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Using Native Plants for Gardening


By following these guidelines, you will be able to successfully grow natives in your garden and enjoy the beauty and ecological benefits of native plants.

1. Use plants that are native to your ecoregion. What is an ecoregion? Ecoregions are areas that are relatively uniform in soils, vegetation, climate, geology, and wildlife. Ten ecoregions are recognized in Oregon. Refer to the map on the Table of Contents page. Plants within your ecoregion are most likely to grow well in your garden.

Oregon ecoregions


2. Choose plants that grow well in the unique conditions in your garden. The particular conditions of soil type, soil moisture, and amount of sunlight may vary in different parts of your garden. You will want to select the right plants to fit the various conditions that may be present in your garden. For example, if your front yard gets full sun for most of the day, you would want to plant natives (from your ecoregion) that grow in sunny places. Local NPSO chapters may have lists of native plants in your ecoregion, along with descriptions of the conditions under which they grow best. In addition, you can consult numerous field guides and gardening books that describe suitable growing conditions for native plants. There is a partial list in the right hand sidebar.

Manzanita in Ashland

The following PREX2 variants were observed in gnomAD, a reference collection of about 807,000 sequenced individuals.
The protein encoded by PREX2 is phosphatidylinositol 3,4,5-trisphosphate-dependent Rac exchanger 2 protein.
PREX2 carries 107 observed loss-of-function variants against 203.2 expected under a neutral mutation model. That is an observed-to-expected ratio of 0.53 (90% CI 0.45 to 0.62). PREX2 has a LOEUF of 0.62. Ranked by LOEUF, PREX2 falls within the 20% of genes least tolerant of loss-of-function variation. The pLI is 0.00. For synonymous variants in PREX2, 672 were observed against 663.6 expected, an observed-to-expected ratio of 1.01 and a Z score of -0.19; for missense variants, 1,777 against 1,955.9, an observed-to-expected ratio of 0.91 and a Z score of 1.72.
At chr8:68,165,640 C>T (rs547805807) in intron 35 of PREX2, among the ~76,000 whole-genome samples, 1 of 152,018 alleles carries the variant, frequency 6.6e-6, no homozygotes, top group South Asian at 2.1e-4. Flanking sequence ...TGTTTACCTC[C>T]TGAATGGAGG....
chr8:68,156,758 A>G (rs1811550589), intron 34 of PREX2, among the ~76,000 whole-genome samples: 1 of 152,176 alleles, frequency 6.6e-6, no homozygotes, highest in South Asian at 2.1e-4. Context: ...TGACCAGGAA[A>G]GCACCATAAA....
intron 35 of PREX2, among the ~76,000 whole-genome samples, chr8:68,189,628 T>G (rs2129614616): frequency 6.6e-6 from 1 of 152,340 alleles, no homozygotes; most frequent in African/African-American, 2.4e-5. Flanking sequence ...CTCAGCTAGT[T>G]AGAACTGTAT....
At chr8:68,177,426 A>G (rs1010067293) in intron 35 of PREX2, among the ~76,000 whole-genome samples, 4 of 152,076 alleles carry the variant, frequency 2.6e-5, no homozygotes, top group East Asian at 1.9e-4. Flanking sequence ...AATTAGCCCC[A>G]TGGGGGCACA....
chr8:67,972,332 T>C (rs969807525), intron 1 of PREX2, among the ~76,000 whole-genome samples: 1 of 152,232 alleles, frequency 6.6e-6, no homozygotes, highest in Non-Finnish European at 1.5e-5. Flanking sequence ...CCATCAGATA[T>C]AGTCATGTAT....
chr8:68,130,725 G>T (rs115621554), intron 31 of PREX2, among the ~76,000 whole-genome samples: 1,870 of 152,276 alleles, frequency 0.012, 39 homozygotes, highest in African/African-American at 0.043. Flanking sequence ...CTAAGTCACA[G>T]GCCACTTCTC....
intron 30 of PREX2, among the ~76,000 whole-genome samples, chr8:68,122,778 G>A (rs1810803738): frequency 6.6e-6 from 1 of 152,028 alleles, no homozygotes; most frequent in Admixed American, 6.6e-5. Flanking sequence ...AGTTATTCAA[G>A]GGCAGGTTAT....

Manzanita (Arctostaphylos viscida) providing
street screening in Ashland. (Norm Jensen)
3. Select plants that originated from as close to your home as possible. Plants that occur in your ecoregion and that originate close to your garden site are locally native. By using locally native plants, you will preserve the natural heritage of your community. In addition, you will have a higher probability of successfully establishing the plants than if you were to use plants that originated from far away.

4. Select healthy looking plants. Healthy looking plants exhibit vigorous growth, are not wilted, have good foliage color, and are free of insect damage and spots on the leaves. Healthy nursery plants will have a much better chance of growing well in your garden than unhealthy plants. But remember, once they are growing well in your garden, native plants may attract butterflies and other animals that depend on these plants for their own survival. Welcome these visitors! Attracting these animals to your garden is one of the many benefits of gardening with natives!

5. If you choose to not plant natives, avoid using invasive non-native plants. For lists of invasive, non-native plants, visit one of the web sites listed on the Resources page.

Yellow toadflaxYellow Toadflax

Introduced as a garden ornamental in the 1800's, this plant is now naturalized in much of Oregon. It agressively takes over areas of range and open forest, crowding out native vegetation, and creating an economic burden for its removal.

Find out about other invasive species on the OR Dept. of Agriculture website.

6. For best results, plant in the spring or fall. At other times of the year, plants will need greater amounts of attention (e.g., watering) in order to flourish.

Remember that every plant you choose may not grow well. Have fun and experiment with different native plants from the ecoregion and microsite types appropriate for your particular garden.

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